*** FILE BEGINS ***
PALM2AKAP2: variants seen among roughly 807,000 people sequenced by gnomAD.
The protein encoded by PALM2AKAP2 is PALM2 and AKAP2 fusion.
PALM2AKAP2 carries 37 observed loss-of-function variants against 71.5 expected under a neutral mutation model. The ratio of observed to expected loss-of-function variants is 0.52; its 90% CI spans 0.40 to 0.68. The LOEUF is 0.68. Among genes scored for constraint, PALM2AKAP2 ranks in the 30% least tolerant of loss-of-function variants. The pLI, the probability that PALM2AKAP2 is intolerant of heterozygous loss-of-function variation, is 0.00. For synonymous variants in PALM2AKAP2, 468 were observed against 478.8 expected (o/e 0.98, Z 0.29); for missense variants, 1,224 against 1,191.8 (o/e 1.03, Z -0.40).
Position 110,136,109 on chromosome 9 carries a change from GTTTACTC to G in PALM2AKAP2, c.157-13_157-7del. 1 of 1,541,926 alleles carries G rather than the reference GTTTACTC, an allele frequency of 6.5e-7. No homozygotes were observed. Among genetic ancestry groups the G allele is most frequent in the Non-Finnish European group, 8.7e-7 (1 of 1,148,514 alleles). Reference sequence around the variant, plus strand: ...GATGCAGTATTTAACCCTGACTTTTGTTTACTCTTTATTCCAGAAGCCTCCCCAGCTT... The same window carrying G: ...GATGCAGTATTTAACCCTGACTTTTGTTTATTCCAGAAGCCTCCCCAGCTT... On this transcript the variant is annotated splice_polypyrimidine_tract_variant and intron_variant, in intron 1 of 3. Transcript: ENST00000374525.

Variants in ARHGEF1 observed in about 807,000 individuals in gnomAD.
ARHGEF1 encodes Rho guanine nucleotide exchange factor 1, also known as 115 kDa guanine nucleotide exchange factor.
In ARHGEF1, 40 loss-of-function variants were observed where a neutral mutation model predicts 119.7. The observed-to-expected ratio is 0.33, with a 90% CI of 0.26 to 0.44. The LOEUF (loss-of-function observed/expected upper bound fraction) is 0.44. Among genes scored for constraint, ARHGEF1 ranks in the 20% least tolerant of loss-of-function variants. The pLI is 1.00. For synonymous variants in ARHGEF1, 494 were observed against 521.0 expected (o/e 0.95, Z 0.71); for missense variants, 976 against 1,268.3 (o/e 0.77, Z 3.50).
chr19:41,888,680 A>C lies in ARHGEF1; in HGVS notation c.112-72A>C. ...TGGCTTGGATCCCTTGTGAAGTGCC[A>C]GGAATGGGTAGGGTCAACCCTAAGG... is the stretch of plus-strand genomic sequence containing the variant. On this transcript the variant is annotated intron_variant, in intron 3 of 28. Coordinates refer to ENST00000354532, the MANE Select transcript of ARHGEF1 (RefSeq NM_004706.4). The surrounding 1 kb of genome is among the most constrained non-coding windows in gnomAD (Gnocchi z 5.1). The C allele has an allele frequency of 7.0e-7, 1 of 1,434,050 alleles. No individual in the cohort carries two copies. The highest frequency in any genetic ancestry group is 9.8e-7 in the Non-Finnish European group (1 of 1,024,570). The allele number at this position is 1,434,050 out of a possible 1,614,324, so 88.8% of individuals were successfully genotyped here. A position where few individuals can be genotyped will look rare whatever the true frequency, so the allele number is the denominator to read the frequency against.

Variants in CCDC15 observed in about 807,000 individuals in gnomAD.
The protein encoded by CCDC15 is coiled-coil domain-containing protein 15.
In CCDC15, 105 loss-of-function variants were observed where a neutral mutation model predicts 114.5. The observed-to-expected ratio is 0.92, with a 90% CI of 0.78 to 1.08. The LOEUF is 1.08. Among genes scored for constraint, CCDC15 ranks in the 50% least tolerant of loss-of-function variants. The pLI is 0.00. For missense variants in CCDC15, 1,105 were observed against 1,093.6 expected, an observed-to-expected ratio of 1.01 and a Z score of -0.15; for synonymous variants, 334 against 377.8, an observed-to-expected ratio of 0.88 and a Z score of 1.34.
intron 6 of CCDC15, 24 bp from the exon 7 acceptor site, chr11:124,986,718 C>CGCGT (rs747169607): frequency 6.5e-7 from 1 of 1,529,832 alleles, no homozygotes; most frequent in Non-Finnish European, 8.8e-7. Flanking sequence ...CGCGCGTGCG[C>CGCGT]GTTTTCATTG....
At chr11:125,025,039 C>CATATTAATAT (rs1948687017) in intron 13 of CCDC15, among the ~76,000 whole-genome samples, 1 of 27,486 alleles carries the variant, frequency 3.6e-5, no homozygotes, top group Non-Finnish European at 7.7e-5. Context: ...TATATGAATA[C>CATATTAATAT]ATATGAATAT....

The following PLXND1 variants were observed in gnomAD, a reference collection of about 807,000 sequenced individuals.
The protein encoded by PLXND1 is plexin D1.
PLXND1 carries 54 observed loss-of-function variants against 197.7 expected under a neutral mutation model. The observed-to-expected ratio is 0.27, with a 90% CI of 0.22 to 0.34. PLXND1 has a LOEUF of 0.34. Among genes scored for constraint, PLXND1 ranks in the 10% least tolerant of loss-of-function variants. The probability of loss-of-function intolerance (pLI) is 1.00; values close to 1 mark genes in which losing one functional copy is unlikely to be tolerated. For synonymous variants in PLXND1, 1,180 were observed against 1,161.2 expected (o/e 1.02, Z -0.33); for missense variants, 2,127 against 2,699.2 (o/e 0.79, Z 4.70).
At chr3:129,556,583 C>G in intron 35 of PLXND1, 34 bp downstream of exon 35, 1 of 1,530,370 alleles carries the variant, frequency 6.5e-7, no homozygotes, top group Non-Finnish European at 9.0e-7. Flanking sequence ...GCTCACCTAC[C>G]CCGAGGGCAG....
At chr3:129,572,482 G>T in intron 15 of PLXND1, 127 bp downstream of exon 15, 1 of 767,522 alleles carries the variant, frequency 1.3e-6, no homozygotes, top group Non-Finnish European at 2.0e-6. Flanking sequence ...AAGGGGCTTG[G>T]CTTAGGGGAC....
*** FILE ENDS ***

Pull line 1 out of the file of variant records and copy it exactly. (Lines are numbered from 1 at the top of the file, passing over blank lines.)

PALM2AKAP2: variants seen among roughly 807,000 people sequenced by gnomAD.